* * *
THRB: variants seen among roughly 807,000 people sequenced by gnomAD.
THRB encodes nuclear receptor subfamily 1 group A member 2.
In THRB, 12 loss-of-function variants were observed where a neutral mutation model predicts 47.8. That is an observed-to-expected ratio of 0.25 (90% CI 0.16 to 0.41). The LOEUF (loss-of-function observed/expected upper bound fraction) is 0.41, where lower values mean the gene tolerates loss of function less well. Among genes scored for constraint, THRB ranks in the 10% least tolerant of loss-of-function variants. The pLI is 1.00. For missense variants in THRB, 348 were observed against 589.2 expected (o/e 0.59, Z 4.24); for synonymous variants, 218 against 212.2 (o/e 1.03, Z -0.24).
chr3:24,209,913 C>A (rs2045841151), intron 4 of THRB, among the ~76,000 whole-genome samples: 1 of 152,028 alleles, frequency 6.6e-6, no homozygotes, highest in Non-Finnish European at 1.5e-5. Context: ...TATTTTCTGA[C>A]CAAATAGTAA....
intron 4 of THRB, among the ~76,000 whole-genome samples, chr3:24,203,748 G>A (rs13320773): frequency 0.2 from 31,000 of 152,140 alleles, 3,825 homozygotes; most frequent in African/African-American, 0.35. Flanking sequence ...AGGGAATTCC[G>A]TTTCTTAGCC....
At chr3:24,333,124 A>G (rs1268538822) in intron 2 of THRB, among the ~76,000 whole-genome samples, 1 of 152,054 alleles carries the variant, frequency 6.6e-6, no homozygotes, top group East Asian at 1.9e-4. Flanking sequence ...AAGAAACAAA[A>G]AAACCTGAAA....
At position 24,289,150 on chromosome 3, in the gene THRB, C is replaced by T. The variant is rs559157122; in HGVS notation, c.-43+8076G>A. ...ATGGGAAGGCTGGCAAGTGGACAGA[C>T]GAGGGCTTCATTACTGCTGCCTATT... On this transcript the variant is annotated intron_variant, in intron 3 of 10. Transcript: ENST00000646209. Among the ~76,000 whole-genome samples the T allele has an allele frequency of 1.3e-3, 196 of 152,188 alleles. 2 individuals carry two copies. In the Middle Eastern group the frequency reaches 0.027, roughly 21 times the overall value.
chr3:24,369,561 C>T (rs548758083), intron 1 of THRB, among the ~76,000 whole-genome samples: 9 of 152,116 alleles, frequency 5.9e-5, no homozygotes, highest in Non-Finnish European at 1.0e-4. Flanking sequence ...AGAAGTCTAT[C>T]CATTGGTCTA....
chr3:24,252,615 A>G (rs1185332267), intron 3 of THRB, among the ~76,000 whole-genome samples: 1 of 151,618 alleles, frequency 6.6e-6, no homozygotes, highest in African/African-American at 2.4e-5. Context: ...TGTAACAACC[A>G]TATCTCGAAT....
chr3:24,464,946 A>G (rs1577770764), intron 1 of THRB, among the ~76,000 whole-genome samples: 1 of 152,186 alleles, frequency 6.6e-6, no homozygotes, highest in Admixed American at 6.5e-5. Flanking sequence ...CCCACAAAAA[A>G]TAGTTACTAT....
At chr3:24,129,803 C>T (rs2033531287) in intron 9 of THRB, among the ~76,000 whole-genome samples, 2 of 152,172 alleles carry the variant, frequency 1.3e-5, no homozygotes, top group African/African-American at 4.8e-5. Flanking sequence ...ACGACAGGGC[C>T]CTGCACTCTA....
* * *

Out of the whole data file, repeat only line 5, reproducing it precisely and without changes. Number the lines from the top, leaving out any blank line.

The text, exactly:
intron 4 of THRB, among the ~76,000 whole-genome samples, chr3:24,203,748 G>A (rs13320773): frequency 0.2 from 31,000 of 152,140 alleles, 3,825 homozygotes; most frequent in African/African-American, 0.35. Flanking sequence ...AGGGAATTCC[G>A]TTTCTTAGCC....